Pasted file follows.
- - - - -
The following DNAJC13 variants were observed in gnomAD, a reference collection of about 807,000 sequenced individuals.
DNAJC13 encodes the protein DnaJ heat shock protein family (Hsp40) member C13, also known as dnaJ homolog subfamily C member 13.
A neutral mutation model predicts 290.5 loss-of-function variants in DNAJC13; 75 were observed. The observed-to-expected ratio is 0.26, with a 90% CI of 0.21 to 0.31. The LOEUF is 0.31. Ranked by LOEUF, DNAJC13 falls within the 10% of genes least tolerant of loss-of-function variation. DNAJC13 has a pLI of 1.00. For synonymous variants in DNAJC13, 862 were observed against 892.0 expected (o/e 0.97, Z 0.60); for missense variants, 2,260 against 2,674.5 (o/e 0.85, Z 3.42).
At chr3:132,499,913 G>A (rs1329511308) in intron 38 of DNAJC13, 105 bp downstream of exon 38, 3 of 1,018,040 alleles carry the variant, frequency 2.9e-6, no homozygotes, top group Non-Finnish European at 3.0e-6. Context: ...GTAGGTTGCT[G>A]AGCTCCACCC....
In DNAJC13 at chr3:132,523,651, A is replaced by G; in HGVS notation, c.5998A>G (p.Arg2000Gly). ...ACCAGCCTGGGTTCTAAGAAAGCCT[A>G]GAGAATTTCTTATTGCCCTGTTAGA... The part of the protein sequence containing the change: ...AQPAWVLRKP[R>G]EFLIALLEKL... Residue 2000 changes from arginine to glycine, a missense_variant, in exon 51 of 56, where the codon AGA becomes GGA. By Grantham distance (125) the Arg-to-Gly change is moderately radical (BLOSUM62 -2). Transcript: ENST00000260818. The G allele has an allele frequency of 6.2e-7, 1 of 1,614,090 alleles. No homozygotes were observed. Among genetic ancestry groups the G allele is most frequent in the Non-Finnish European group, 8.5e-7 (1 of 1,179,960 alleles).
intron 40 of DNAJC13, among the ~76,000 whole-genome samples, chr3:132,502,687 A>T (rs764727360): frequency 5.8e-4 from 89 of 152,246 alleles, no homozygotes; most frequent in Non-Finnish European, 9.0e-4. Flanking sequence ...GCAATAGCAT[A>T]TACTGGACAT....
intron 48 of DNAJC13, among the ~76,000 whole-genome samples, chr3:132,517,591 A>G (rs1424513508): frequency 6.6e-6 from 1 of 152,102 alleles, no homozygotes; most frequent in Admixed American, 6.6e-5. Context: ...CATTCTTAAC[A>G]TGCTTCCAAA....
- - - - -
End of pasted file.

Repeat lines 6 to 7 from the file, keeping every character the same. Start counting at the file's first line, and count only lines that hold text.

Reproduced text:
intron 40 of DNAJC13, among the ~76,000 whole-genome samples, chr3:132,502,687 A>T (rs764727360): frequency 5.8e-4 from 89 of 152,246 alleles, no homozygotes; most frequent in Non-Finnish European, 9.0e-4. Flanking sequence ...GCAATAGCAT[A>T]TACTGGACAT....
intron 48 of DNAJC13, among the ~76,000 whole-genome samples, chr3:132,517,591 A>G (rs1424513508): frequency 6.6e-6 from 1 of 152,102 alleles, no homozygotes; most frequent in Admixed American, 6.6e-5. Context: ...CATTCTTAAC[A>G]TGCTTCCAAA....